From 2017-2020, Horizon 2020 energy research projects were more focused on scientific excellence rather than on industrial innovation. Most energy projects received funding under the priority “Excellent science” and its subprogrammes (72 projects, 55%). These subprogrammes are focused on building the capacity of individual researchers and their teams as well as encouraging collaboration between researchers. Substantially less – 46 projects (35%) were funded under the priority “Industrial leadership” that promoted nanotechnology innovation and commercialisation. Twenty-seven projects (21%) also focused on the third priority of Horizon 2020 – Societal challenges. Finally, four projects were focused on the horizontal objective “Spreading excellence and widening participation” and only two projects – on the horizontal objective “Science with and for society”.
According to the project classification applied in Cordis, energy projects focused on nine topics. One project could combine several topics.
Most projects focused on renewable energy (87 projects, 66%). Many of them specified a focus on solar energy (41 projects, 31%) and wind power, while others used the term “renewable energy” in general. Other topics addressed different types of energy and were less visible than the above-mentioned themes. An illustrative example of a project focused on renewable energy is provided in the table below.
|Table AIV-1: An example of a project focused on renewable energy
|Project title, acronym,
|Start, end dates
|Innovative Photoelectrochemical Cells for Solar Hydrogen Production, FotoH2 (Spain)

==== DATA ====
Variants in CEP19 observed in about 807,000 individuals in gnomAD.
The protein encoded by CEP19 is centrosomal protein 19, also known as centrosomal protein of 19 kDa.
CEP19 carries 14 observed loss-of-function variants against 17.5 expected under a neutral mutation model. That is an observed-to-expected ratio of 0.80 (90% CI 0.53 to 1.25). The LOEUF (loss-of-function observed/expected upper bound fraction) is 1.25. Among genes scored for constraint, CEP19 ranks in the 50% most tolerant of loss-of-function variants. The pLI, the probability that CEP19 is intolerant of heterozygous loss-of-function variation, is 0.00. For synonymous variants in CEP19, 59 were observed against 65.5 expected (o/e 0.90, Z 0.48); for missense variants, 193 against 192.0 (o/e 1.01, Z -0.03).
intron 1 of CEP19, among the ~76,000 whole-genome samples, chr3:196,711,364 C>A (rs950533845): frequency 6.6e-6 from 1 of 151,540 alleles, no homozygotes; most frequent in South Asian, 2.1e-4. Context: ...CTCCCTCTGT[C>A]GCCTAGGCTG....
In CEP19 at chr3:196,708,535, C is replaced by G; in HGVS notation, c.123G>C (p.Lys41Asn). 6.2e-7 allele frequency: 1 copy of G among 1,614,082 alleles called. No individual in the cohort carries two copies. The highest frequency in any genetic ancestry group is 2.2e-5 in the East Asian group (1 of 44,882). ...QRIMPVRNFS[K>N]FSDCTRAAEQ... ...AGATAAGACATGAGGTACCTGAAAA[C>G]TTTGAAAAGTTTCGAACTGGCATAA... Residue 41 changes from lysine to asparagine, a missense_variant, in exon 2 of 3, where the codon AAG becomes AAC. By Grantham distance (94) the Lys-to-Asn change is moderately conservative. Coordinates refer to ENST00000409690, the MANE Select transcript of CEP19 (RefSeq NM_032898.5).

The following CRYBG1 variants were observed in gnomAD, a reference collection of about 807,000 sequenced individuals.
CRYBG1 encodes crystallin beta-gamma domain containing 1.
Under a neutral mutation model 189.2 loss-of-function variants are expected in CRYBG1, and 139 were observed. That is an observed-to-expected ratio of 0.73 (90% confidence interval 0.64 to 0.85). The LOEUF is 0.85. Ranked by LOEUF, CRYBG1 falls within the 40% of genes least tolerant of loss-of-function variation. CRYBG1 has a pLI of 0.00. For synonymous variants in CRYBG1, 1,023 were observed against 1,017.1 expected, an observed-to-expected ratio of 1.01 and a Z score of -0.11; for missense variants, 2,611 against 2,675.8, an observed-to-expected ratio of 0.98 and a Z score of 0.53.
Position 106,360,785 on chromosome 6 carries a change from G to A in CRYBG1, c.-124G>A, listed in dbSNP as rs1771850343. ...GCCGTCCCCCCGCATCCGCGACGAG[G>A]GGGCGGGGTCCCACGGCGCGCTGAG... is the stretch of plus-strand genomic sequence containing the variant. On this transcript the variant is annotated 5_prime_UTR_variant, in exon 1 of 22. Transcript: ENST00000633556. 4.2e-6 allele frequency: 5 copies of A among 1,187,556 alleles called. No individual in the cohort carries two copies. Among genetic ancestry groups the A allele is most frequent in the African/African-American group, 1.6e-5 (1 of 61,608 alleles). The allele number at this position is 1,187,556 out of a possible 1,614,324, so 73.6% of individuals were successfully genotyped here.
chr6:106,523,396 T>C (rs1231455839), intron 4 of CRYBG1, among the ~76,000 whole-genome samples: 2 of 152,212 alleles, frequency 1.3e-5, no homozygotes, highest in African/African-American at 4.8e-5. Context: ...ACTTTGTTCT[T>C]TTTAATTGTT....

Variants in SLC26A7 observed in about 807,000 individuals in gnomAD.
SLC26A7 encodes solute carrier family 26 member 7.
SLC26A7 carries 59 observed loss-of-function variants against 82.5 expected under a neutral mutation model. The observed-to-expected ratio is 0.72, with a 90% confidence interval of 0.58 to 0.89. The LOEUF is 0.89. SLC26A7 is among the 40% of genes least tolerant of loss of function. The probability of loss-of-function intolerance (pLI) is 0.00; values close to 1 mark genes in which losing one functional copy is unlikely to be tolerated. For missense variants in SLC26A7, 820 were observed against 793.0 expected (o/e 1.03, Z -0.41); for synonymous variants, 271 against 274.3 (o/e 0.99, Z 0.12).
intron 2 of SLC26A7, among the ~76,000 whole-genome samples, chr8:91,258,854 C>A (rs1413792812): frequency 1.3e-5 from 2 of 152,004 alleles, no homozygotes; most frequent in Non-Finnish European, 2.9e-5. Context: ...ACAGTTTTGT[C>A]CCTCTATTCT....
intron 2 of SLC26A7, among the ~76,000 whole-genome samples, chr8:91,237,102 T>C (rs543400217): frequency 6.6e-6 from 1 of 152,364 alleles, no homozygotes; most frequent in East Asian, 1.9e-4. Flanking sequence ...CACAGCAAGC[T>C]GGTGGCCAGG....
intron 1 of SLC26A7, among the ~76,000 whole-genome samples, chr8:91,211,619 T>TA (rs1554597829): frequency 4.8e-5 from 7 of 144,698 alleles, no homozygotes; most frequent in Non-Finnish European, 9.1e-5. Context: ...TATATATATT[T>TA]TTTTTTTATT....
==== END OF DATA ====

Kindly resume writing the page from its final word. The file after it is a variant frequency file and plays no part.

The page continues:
|The use of solar energy for photoelectrochemically splitting water into H2 and O2 has been widely investigated for producing sustainable H2 fuel. However, no commercialisation of this technology has emerged. Currently, the main obstacles to commercialisation are low solar-to-hydrogen efficiency, expensive electrode materials, fast degradation of prototypes, and energy losses in separating H2 from O2 and water vapour in the output stream. The FotoH2 consortium has identified a new scientific direction for achieving cost-effective solar-driven H2 production, and it has the capability of large-scale prototyping and field-testing the proposed technology. FotoH2 introduces anion-exchange polymer membrane and porous hydrophobic backing concepts in a tandem photoelectrochemical cell, and a novel way to stabilise the photoelectrodes based on a surface phase transformation. This approach allows the use of cost-effective metal oxide electrodes with optimal bandgaps and a simple flow-cell design without corrosive electrolytes.
Apart from the already identified Fe2O3/CuO couple, a theoretical screening of earth-abundant metal ternary oxides will be done to identify the most promising materials. These chosen electrode materials will be optimized by doping, nanostructuring and by introducing protective and passivating external layers by the phase transformation strategy. Most of these concepts have been already validated at TRL 3 and preliminary laboratory prototypes were demonstrated. The aim is to increase the TRL to 5 by validating the technology in a system with a module of 1 m2 and achieve a photoelectrolysis device with solar to-hydrogen efficiency of 10 % and a prospective lifetime of 20 years. We aim for breakthroughs in cell lifetime, conversion efficiency, cost-efficiency, and H2 purity. To bring these innovations to market, an exploitation plan is addressed. The consortium includes materials developers and suppliers, device manufacturers and system integrators.
|€ 2 578 971,25